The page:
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Liverpool vs Real Madrid: It's a meeting of 'mentality monsters' in Champions League final

People are talking about that 'institutional muscle memory' so appropriately associated with Real Madrid. La Decimocuarta (the 14th) awaits, but Liverpool, with six triumphs, are no historical upstarts themselves.

In the European domain, the Reds have recently been proclaimed the 'comeback kings' but we all know, this season, Karim Benzema & Co have been conjuring miraculous recoveries. Perhaps, Pep Guardiola's cathartic tears after holding his Premier League cup of joy was a release from those soul-wrenching blurry moments of late destruction by Madrid’s daydream believers.

PSG, Chelsea all got that shock treatment and maybe at the end of it all, only FC Sheriff from Moldova will get boasting rights of defeating the 'champions' at the Bernabeu on a September night.

Whoa! Not yet… It all begins and ends in Paris. Again, so apt, because it is the 'home' of the European Cup. It was 41 years ago that the protagonist clubs jostled for the trophy in the French capital. Then two-time winners Liverpool nudged six-time champs Real in a forgettable final for the neutrals. The game was described as 'chloroform football' and left-back Alan Kennedy, still a sprightly 67-year-old, manufactured a goal from a narrow angle to settle the scores. "I remember (our manager) Bob Paisley telling us that it will take only one goal to win this game," he says on the club’s official YouTube channel.

It is also no coincidence that Carlo Ancelotti will be aiming to surpass Paisley and Zinedine Zidane with a fourth trophy. The Italian journeyman, of course, had endured the Reds' 'six minutes of madness' in Istanbul 2005 only to re-establish the order for AC Milan in Athens 2007. Juergen Klopp met Ancelotti's Everton four times in Merseyside derbies with one win each and two draws - you can't get closer than that. There is synchronicity and overlap on the road to Stade de France. And multiple sub-plots.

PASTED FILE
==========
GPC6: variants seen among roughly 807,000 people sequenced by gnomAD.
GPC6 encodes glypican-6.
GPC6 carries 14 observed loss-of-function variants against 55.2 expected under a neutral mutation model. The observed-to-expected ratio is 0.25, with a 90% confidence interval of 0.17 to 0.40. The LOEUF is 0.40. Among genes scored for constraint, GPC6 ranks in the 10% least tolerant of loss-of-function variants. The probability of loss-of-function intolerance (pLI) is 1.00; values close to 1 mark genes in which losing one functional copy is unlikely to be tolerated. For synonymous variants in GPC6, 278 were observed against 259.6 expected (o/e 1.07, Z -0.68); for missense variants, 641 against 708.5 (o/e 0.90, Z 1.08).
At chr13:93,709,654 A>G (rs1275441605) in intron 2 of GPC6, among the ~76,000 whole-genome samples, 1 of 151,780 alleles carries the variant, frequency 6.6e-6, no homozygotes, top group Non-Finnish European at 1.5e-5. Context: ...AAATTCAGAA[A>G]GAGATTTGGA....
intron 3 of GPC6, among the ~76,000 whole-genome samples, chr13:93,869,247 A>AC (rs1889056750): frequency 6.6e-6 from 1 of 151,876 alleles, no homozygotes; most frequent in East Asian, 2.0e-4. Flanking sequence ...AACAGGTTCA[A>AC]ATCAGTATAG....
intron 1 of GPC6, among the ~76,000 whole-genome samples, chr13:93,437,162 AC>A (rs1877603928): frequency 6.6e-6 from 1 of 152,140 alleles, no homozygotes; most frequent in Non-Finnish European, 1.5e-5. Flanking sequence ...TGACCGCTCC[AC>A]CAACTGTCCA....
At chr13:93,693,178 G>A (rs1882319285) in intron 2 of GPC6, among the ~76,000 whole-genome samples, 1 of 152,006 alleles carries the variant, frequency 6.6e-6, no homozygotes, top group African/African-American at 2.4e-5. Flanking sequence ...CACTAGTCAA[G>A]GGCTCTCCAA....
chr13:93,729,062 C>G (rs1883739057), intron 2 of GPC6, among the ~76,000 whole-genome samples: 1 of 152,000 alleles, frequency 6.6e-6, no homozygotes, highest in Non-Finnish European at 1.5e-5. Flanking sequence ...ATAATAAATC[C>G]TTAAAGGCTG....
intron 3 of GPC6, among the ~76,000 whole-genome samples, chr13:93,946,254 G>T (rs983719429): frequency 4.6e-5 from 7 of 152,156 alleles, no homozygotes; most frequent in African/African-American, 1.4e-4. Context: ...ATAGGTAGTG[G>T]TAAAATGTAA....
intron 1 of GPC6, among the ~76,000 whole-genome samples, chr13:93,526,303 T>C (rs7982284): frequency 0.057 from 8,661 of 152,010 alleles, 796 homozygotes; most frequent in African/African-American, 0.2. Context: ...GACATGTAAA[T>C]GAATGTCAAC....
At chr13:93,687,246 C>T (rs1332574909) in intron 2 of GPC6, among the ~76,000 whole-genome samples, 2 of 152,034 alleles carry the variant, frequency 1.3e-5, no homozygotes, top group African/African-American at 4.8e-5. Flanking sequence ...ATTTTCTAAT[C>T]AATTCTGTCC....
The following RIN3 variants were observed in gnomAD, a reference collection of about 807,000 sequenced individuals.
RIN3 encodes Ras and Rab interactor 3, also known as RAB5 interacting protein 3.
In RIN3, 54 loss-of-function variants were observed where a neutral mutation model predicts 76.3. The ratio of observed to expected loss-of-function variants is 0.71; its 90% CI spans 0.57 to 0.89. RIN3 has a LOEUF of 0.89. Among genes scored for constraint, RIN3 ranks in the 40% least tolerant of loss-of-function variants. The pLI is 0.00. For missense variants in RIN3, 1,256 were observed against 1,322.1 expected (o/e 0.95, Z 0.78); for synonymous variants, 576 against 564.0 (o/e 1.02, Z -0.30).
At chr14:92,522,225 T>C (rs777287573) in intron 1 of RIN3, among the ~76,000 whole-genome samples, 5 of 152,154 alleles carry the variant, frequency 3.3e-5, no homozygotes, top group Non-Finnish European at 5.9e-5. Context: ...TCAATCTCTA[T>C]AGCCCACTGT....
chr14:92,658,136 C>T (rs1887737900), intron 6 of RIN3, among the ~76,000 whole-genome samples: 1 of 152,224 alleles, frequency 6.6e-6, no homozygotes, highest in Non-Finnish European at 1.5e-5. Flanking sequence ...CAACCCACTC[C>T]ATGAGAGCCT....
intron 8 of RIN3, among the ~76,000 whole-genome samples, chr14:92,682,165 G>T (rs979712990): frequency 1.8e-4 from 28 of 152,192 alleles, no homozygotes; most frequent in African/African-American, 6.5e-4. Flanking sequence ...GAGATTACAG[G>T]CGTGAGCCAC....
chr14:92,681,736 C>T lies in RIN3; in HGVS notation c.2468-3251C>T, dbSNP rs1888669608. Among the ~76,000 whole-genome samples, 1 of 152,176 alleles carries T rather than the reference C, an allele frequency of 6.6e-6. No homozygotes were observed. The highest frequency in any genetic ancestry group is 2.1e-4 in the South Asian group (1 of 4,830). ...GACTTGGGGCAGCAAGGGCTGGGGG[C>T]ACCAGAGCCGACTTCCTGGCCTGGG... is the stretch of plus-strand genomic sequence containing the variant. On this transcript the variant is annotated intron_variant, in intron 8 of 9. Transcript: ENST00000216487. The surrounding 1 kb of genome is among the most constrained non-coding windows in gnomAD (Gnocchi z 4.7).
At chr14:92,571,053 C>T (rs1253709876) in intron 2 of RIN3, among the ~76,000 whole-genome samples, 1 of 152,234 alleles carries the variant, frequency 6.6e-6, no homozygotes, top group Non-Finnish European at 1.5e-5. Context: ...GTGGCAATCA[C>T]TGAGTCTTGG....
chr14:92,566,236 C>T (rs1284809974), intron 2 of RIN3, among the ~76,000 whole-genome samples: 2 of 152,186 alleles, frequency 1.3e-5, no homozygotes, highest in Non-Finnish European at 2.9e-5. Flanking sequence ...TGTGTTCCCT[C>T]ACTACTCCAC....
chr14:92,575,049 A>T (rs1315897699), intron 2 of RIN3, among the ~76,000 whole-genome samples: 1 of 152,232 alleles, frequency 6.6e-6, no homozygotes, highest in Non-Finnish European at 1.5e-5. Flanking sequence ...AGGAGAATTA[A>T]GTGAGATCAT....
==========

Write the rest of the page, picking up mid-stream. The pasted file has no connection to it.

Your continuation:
Mo Salah's revenge note has been the underlying theme that has the keyboards tapping, and providing fuel to the fire has been the Egyptian himself. Since the moment he was bundled out by Sergio Ramos that 2018 night in Kiev, a war has been raging inside Salah's heart.

That cold penalty in hot Madrid against a naive Tottenham Hotspur a year later could not provide the resolution, and this simmering obsession to turn things right could make or break Liverpool's night. Ancelotti even played his card by including the much-maligned Gareth Bale in the Final squad for that throwback sensation.

Klopp put his own spin when he said, "In Germany we say you always meet twice in life. So behave better in the first moment because you will meet again. If (someone) gives us an opportunity to win it, I think it would be a great story but it will not happen because of what happened in 2018.”

Real defender Dani Carvajal has reacted to the Liverpool striker's fixation: "Let's hope it's not an important burden for Salah to lose a second Champions League final against Real Madrid."

But Liverpool are much more than Mo now. They have won six trophies since that night of hard lessons. If a similar situation arises in Paris, they will respond. Though Salah picked up both the EPL Golden Boot (shared) and Playmaker awards, he has scored just four times in 19 appearances since February in a quadruple-chasing season. There are other forces at play.

Will custodian Alisson, whose headed goal last season ensured Liverpool's passage into the Champions League, be able to stop the quite extraordinary Benzema? What about Trent Alexander-Arnold's battle with Vinicius Jr down the wing? Will the Reds be less intense at the end of a tiring season? Will Luca Modric pull the strings in midfield again or a returning Fabinho, who had a loan stint at Real once, be able to stem the flow? Is Thiago fit enough? The Reds' high line vs Real's marauders? What about Rodrygo, who almost signed for Liverpool at 16 years? Questions, questions... but it's all down to the chances taken and not.

Both teams know how to get it over the line, spectacularly or otherwise. It's a meeting of 'mentality monsters' and the one who reacts more quickly to adversity is likely to take 'Big Ears' on a parade. While we wait for the denouement, over to the man who made the difference in that 1981 Paris showdown: "These two teams are almost impossible to separate - it's on a knife edge!"